The Sri Lankan Conflict was a civil war between the country’s government and a militant group, the Liberation Tigers of Tamil Eelam, also known as the Tamil Tigers, who sought to create a state independent from Sri Lanka. The civil war between the two groups lasted 26 years, from July 1983 to May 2009. Ultimately, the government of Sri Lanka won, but at a great cost to its population. The fighting created hardship for Sri Lanka’s national economy and its people. The government forces, while fighting to take back land from the Tamil Tigers, were accused of human rights violations. The Tamil Tigers even came to be categorized throughout the world as a terrorist organization. An estimated 100,000 people were killed during the conflict.

Pre-Conflict Sri Lanka had been a model postcolonial state, and, therefore, economic development theorists have been baffled as to how this country fell into a bloody, 26-year civil war. For International Studies major James Flanagan, a sophomore and member of the Virginia Tech Corp of Cadets, this lack of answers and poorly addressed responses served as motivation to do his own research on the subject.

economic development theorists have been baffled as to how this country fell into a bloody, twenty-six year civil war.

Aided by his faculty advisor, Dr. Ioannis Stivachtis, Flanagan proposes to “explore the socio-economic development nexus in relation to the Pre-Conflict Sri Lanka.” In other words, he wanted to study the relationship between social issues and economic development in Sri Lanka as a basis for understanding how the country managed to fall into conflict. Furthermore, Flanagan examines Sri Lanka’s prospects for future development by synthesizing several developmental perspectives into a concise yet holistic point of view.

According to Flanagan, he hopes his research will show the complexity of the “conflict in Sri Lanka and what needs to be done to move forward.” For him, his research was about asking the right questions that need to be answered.

Previous research concerning the Sri Lankan conflict has focused on either ethnic or economic issues, whereas Flanagan’s research focuses on the relationship between the two. He has relied on analysis and comparison of literature collected from both American and South Asian authors. He says one of the most difficult parts of his work has been overcoming the “huge difference between the perspective of American and European writers and South Asian authors” as to problems surrounding the conflict.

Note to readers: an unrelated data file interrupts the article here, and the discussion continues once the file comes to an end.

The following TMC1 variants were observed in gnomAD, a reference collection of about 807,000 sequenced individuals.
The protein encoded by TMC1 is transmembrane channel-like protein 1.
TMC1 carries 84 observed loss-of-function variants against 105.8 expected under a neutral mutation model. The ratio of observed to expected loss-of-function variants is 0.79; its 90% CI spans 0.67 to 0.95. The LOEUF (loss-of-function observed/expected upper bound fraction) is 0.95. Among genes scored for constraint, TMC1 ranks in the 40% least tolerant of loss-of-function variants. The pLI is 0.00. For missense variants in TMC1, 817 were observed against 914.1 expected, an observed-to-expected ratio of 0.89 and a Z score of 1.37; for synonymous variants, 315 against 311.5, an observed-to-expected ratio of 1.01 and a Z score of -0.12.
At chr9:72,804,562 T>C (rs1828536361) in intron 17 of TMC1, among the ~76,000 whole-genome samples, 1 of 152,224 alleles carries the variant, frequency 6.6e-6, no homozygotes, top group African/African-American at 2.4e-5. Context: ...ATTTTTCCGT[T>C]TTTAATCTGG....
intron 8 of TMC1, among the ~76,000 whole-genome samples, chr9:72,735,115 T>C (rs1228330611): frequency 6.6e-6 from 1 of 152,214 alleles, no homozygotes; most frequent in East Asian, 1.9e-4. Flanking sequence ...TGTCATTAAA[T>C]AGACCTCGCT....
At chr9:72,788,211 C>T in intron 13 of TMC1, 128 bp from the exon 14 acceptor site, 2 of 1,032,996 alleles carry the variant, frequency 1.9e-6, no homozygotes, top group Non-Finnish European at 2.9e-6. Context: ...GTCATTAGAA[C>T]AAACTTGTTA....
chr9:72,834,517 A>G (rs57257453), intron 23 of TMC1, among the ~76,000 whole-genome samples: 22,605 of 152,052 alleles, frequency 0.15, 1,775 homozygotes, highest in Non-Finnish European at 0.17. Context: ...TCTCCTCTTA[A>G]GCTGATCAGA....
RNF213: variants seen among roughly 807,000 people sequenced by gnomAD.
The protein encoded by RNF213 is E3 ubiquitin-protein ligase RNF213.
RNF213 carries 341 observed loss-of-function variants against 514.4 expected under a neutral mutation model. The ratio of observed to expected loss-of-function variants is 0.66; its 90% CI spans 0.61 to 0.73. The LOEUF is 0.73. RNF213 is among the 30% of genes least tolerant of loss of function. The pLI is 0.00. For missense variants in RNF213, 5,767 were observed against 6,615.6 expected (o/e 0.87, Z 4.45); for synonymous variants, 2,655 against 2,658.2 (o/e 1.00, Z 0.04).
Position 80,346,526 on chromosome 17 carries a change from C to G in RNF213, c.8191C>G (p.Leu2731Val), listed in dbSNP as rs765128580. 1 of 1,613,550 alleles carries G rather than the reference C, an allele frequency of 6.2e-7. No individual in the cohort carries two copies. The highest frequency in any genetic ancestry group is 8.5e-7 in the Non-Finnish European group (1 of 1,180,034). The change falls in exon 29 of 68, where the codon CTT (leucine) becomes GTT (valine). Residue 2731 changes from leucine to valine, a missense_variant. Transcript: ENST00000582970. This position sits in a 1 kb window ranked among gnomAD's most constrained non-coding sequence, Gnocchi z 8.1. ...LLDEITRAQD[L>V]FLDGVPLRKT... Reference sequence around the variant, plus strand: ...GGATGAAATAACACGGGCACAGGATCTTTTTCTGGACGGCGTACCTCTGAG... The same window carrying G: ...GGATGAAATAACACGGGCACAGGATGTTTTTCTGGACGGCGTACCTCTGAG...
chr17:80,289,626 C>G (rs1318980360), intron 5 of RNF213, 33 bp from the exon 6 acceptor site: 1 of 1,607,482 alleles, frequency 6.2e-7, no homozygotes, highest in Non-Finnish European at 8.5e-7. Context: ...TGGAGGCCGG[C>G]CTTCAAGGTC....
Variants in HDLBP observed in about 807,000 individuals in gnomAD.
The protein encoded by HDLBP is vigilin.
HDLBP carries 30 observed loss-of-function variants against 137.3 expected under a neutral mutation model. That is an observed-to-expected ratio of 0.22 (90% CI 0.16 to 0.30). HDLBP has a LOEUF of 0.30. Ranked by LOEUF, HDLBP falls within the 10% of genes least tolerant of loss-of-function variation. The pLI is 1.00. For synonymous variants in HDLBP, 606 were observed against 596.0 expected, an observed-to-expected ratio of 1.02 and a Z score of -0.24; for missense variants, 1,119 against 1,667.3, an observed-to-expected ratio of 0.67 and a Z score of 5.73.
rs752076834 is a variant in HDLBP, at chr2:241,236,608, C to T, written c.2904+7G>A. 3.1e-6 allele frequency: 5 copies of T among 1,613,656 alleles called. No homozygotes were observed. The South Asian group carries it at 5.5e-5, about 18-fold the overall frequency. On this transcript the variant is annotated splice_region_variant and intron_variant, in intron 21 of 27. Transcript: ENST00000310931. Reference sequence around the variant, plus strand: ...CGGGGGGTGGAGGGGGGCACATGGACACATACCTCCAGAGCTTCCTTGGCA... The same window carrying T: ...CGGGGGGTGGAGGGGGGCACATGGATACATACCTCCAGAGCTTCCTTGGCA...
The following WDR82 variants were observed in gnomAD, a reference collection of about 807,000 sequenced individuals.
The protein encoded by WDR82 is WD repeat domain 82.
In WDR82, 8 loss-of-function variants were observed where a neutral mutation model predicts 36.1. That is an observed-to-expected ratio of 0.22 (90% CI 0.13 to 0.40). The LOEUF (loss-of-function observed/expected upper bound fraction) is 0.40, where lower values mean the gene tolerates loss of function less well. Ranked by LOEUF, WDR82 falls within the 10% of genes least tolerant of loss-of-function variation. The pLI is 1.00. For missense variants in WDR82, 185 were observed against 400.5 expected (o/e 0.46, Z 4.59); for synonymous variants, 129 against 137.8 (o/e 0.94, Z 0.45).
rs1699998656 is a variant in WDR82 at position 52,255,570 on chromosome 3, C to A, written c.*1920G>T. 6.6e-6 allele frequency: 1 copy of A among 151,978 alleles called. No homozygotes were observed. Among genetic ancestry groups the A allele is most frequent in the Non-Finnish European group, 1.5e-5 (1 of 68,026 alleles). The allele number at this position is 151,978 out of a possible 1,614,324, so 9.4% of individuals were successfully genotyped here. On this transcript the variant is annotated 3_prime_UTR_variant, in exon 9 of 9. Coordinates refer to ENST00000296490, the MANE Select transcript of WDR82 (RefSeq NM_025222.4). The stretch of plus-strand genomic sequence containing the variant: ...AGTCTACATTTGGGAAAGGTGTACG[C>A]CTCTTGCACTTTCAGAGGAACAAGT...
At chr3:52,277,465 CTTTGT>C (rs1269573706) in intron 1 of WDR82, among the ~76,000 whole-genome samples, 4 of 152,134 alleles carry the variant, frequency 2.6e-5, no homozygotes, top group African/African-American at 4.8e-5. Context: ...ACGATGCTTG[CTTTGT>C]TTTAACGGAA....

As a part of his research process, Flanagan has visited Sri Lanka in summer 2012 with the Virginia Tech Center for 21st Century Studies and the non-government organization Sarvodaya, a non-profit community development program that has helped Sri Lankans during and after the civil war. During his trip, he traveled throughout the country while collecting South East Asian literature to use in his research. In his travels he visited the cities of Colombo, Trincomalee and Kandy. Regarding his research, Flanagan says he is investigating issues that “many people realize, although many people also ignore” and “opinions were strong about identity and what it [meant] to be Sri Lankan.” He has also continued to keep in contact via email with various citizens, journalists, poets and activists he met on his trip. One guide in particular left an impressionable mark. Windsor, a retired Sarvodaya worker, who traveled throughout the country with Flanagan’s group was “a testament to the ever willing to learn mentality of many people there” and “he took every opportunity to talk and listen to us.”

As to the future of his research, Flanagan hopes to apply his work in a way that will allow the issue of Sri Lankan development to move away from a technical problem and into a social issue. Flanagan realizes that “Sri Lanka’s future is not yet certain, [and] the future depends on the restructuring of identity and status of Tamils (the rebel insurgency) in Sri Lanka.” In order to do this, the relationship between social and economic issues needs to be exposed and understood. Flanagan hopes to make another trip to Sri Lanka soon, this time to look into how the military is working to change social development in the country.